Bangladesh will have to address a few core policy challenges to achieve the upper-middle income country status by 2031, economists said.
The challenges include ensuring equitable tax system, capital market vibrancy, and export diversification.
Currently, the country remains mostly concentrated on the readymade garment exports, which are likely to come under threat after its graduation.
The views came in the fourth conference of the Bangladesh Economists' Forum themed 'Strategies and polices for an upper-middle income Bangladesh,' held at a city hotel on Saturday.
In the first session on 'Macroeconomic strategies and policies," planning minister MA Mannan was the chief guest while former finance adviser to the caretaker government Dr A. B. Mirza Azizul Islam was in the chair.
Vice chairman of the Policy Research Institute (PRI) Dr Sadiq Ahmed presented a paper on 'Tax policy management for an upper middle income country (UMIC)', executive director of the InM Dr Mustafa K Mujeri on the role of financial sector management, PRI executive director Dr Ahsan H Mansur on addressing the balance of payment concerns and PRI chairman Dr Zaidi Sattar on facilitating export diversification for the UMIC.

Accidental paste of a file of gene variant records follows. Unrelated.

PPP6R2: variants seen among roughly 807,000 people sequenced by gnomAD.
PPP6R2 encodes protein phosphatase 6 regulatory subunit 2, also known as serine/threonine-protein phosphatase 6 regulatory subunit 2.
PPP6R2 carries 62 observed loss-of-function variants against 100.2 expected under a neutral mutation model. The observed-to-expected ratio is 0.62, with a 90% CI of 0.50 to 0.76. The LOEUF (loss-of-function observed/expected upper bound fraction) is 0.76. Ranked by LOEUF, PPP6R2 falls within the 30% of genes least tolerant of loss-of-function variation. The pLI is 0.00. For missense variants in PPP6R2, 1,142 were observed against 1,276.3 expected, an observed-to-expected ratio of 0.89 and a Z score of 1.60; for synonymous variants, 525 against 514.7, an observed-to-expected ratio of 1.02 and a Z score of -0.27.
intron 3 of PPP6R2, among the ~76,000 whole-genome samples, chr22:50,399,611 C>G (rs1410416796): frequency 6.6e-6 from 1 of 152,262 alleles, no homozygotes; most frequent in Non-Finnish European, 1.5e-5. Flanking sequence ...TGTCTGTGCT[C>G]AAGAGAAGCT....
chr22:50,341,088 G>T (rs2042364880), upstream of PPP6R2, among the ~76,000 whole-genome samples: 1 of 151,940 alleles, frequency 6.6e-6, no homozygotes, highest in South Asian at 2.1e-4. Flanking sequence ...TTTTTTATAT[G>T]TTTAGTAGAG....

Distinguished fellow of the Centre for Policy Dialogue (CPD) professor Mustafizur Rahman, executive director of the SANEM professor Selim Raihan and associate professor of Dhaka University Dr Sayema Haque Bidisha were discussants on the papers.
While presenting the paper, Dr Ahmed of PRI said the country's tax-GDP ratio has to be jacked up from the present 9.0 per cent to 17 per cent to be a UMIC.
He suggested fiscal decentralisation, separation of tax policy wing from the collection, and the selection of a professional chairman for the National Board of Revenue with fixed tenure.
He also stressed the need for addressing the issue of non-performing loans in banks, raising substantially the property tax rate, bringing the increased number of rich people under tax net and reducing harassment of taxpayers.
He said the interest burden on the people is increasing due to costlier instruments like savings certificates.
Dr Ahmed, a former World Bank senior executive, said higher dependence on revenue from trade sources distort the export performance of the country.
Currently, up to 30 per cent of the taxes is coming from trade sources.
He said the existing tax system has to be reexamined to address those issues.
Dr Mujeri expressed the fear Bangladesh would face an increased economic and financial vulnerability after its graduation.
He said strong and coordinated medium-term macro-economic framework is needed to face the challenge.
"An economic crisis that includes the banking trouble has a more severe and prolonged impact on real sector," he said.
He listed four challenges in developing the capital market: macroeconomic stability, banking sector development, institutional quality and protection of the shareholders.
He said the country's share market is 'immature' and 'illiquid.'